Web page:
Nunatsiaq Online
NEWS: Nunavut October 18, 2016 - 8:30 am

Bryan Pearson’s Nunavut friends say farewell

“He was your friend. He was my friend.”

JIM BELL
Above the coffin of the late Bryan Pearson, a video tribute to Iqaluit's founding mayor is displayed on a screen at a memorial service held Oct. 17 at the Iqaluit cadet hall attended by hundreds of Iqaluit residents.
Above the coffin of the late Bryan Pearson, a video tribute to Iqaluit's founding mayor is displayed on a screen at a memorial service held Oct. 17 at the Iqaluit cadet hall attended by hundreds of Iqaluit residents.
The late Bryan Pearson's brother, Robert Pearson, sits between Martha Tikivik and the Very Rev. Jonas Allooloo, while elder Inuapik Sageatok looks one, at a memorial service for Pearson held Oct. 17 in Iqaluit. (PHOTO BY JIM BELL)
The late Bryan Pearson's brother, Robert Pearson, sits between Martha Tikivik and the Very Rev. Jonas Allooloo, while elder Inuapik Sageatok looks one, at a memorial service for Pearson held Oct. 17 in Iqaluit. (PHOTO BY JIM BELL)
The late Bryan Pearson's old friend, Ed Picco, gives a eulogy at a memorial service for Pearson held Oct. 17 in Iqaluit. In the bottom right corner, Pearson's dog Kamik stands quietly near his late master's coffin. (PHOTO BY JIM BELL)
The late Bryan Pearson's old friend, Ed Picco, gives a eulogy at a memorial service for Pearson held Oct. 17 in Iqaluit. In the bottom right corner, Pearson's dog Kamik stands quietly near his late master's coffin. (PHOTO BY JIM BELL)

With family members in Australia and the United Kingdom who viewed the event on Skype, the people of Iqaluit gathered inside the Iqaluit Cadet Hall to bid farewell to a friend who some had known for 60 years: Bryan Robin Pearson.

“He was your friend. He was my friend,” Martha Tikivik said in a eulogy. Tikivik’s late husband Joe was one of Pearson’s business partners in the early 1960s.

“When he would join us and visit with us, I would speak my language and he would speak English, but he was our friend,” Tikivik said.

Robert Pearson held a leash attached to Bryan’s little dog Kamik, who lay at Robert’s feet throughout the ceremony.

Pearson, 82, who suffered terminal cancer of the liver, died Oct. 12 at home in Iqaluit.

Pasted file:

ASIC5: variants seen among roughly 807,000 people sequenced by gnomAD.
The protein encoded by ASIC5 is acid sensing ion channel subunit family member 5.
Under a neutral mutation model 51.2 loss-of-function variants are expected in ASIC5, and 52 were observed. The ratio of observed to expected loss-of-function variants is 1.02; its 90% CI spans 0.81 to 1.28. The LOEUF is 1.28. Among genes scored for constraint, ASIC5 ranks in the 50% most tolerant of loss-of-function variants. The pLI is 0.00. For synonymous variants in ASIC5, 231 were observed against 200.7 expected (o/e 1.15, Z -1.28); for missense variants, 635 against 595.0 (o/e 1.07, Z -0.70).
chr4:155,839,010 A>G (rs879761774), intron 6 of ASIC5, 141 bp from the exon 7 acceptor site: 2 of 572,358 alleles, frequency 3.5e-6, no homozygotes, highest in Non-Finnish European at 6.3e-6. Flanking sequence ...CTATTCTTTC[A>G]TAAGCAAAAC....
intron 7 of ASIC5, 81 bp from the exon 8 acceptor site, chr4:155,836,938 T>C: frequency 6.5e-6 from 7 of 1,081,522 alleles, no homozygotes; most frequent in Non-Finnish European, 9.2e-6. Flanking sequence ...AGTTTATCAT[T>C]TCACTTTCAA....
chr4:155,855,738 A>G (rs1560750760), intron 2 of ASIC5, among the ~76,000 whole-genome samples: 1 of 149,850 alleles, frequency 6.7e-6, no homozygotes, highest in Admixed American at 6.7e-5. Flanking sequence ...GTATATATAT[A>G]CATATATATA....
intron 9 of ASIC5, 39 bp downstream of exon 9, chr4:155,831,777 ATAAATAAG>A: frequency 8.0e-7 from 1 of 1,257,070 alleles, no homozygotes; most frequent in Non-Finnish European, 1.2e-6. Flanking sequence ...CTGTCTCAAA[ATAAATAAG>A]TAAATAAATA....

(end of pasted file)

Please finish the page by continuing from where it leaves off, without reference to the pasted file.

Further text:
Over his 60-year life in Iqaluit, Pearson started many businesses, including the Astro Theatre and the Arctic Ventures store, and helped create the community’s first municipal council, for which he served as founding mayor.

Prior to Pearson’s death, tributes to him poured in from across the country.

“Sophie and I join your friends and family to voice our sincere support during this most difficult time. Your bravery in facing cancer is simply incredible,” Prime Minister Justin Trudeau said Aug. 24 in a letter.

Carolyn Bennett, the minister of Indigenous and Northern Affairs, also sent a letter to Pearson, praising him for his work as a member of the legislative assembly of the Northwest Territories and Iqaluit’s first mayor.

“You have helped shape the eastern Arctic, Nunavut and Canada, for which we should all be grateful,” Bennett said.

Ed Picco, a former MLA who has represented Iqaluit in the Northwest Territories and Nunavut legislatures, shared many fond memories at the Oct. 17 service.

“Bryan is one of those people you meet just once in our life,” Picco said in a lengthy eulogy.

Picco joked about Pearson’s abrasive and sometimes vindictive manner, amusing his audience with a string of anecdotes.

He told a story about how, while campaigning for the Progressive Conservative party in the 1988 federal election, Pearson stayed at Picco’s house in Hall Beach.

But he had to share a room—with Liberal candidate Jack Anawak.

“He never spoke to me for nine months,” Picco said.

But at the same time, Pearson displayed warmth, generosity and a willingness to perform acts of charity that he usually kept secret.

One of the those charitable acts, which Pearson didn’t want anyone to know about, was to buy and pack up boxes of food hampers and gifts for needy families.

“Bryan had a heart of gold. He could be the most kind and considerate person,” Picco said.

Picco also said Pearson was “a complex man,” with many dimensions to his personality.

“Bryan Pearson was many different things to many different people,” Picco said.

Pearson’s family abroad also sent written messages: “I will miss you so much. Life will never be the same without you,” his sister Valerie said.

Iqaluit residents at the memorial service also viewed a reminder of Pearson’s long history in Iqaluit: a video tribute prepared by filmmaker Ole Gjerstad of Piksuk Media, the company that bought Pearson’s Astro Theatre in 2012.

Dave Wilman, a veteran teacher and education administrator who has lived in Iqaluit for decades, described how, shortly after he arrived in Iqaluit, he first met Pearson.

Wilman, poorly dressed for the weather, had been trying to walk home against a cold wind when Pearson pulled up beside him in a vehicle.

“A little guy leaned out the window and said, get in, you’re too cold,” Wilman said.

Pearson drove him home, likely saving Wilman from suffering a bad case of frostbite.

Elder Inuapik Sageatok said in a short eulogy that she is grateful to have had Pearson as a friend.

“Bryan, if you can hear me, thank you,” she said.

 

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